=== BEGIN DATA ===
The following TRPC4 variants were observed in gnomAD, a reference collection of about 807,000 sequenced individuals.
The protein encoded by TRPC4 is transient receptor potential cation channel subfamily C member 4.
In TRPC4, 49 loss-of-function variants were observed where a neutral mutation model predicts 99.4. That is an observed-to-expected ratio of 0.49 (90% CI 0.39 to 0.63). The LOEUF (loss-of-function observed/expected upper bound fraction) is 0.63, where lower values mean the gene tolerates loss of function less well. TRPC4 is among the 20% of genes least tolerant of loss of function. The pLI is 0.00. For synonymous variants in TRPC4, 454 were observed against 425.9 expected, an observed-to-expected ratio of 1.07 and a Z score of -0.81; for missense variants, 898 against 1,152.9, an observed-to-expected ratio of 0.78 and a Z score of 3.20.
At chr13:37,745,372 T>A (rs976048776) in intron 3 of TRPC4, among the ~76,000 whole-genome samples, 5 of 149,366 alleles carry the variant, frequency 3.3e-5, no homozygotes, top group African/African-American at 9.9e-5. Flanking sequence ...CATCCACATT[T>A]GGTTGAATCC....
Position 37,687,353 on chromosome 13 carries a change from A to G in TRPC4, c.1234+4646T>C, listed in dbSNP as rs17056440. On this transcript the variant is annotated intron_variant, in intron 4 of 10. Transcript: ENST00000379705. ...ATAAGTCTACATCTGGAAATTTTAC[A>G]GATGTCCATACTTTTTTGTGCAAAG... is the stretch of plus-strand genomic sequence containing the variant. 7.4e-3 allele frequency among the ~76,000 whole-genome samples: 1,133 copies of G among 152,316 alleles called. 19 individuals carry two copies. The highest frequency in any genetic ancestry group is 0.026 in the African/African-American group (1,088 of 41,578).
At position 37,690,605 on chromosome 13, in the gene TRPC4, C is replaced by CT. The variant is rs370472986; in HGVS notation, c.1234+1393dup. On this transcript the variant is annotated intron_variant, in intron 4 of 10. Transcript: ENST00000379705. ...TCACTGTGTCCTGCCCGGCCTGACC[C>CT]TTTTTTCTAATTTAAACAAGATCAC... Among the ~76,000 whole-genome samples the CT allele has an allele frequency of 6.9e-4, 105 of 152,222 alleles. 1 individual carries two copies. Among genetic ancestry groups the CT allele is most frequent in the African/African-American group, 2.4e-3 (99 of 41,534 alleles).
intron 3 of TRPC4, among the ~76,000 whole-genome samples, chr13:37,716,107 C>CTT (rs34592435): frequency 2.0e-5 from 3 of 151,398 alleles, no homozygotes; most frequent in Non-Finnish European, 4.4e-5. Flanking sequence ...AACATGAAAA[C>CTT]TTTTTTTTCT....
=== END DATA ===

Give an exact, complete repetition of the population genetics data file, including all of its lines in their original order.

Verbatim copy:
The following TRPC4 variants were observed in gnomAD, a reference collection of about 807,000 sequenced individuals.
The protein encoded by TRPC4 is transient receptor potential cation channel subfamily C member 4.
In TRPC4, 49 loss-of-function variants were observed where a neutral mutation model predicts 99.4. That is an observed-to-expected ratio of 0.49 (90% CI 0.39 to 0.63). The LOEUF (loss-of-function observed/expected upper bound fraction) is 0.63, where lower values mean the gene tolerates loss of function less well. TRPC4 is among the 20% of genes least tolerant of loss of function. The pLI is 0.00. For synonymous variants in TRPC4, 454 were observed against 425.9 expected, an observed-to-expected ratio of 1.07 and a Z score of -0.81; for missense variants, 898 against 1,152.9, an observed-to-expected ratio of 0.78 and a Z score of 3.20.
At chr13:37,745,372 T>A (rs976048776) in intron 3 of TRPC4, among the ~76,000 whole-genome samples, 5 of 149,366 alleles carry the variant, frequency 3.3e-5, no homozygotes, top group African/African-American at 9.9e-5. Flanking sequence ...CATCCACATT[T>A]GGTTGAATCC....
Position 37,687,353 on chromosome 13 carries a change from A to G in TRPC4, c.1234+4646T>C, listed in dbSNP as rs17056440. On this transcript the variant is annotated intron_variant, in intron 4 of 10. Transcript: ENST00000379705. ...ATAAGTCTACATCTGGAAATTTTAC[A>G]GATGTCCATACTTTTTTGTGCAAAG... is the stretch of plus-strand genomic sequence containing the variant. 7.4e-3 allele frequency among the ~76,000 whole-genome samples: 1,133 copies of G among 152,316 alleles called. 19 individuals carry two copies. The highest frequency in any genetic ancestry group is 0.026 in the African/African-American group (1,088 of 41,578).
At position 37,690,605 on chromosome 13, in the gene TRPC4, C is replaced by CT. The variant is rs370472986; in HGVS notation, c.1234+1393dup. On this transcript the variant is annotated intron_variant, in intron 4 of 10. Transcript: ENST00000379705. ...TCACTGTGTCCTGCCCGGCCTGACC[C>CT]TTTTTTCTAATTTAAACAAGATCAC... Among the ~76,000 whole-genome samples the CT allele has an allele frequency of 6.9e-4, 105 of 152,222 alleles. 1 individual carries two copies. Among genetic ancestry groups the CT allele is most frequent in the African/African-American group, 2.4e-3 (99 of 41,534 alleles).
intron 3 of TRPC4, among the ~76,000 whole-genome samples, chr13:37,716,107 C>CTT (rs34592435): frequency 2.0e-5 from 3 of 151,398 alleles, no homozygotes; most frequent in Non-Finnish European, 4.4e-5. Flanking sequence ...AACATGAAAA[C>CTT]TTTTTTTTCT....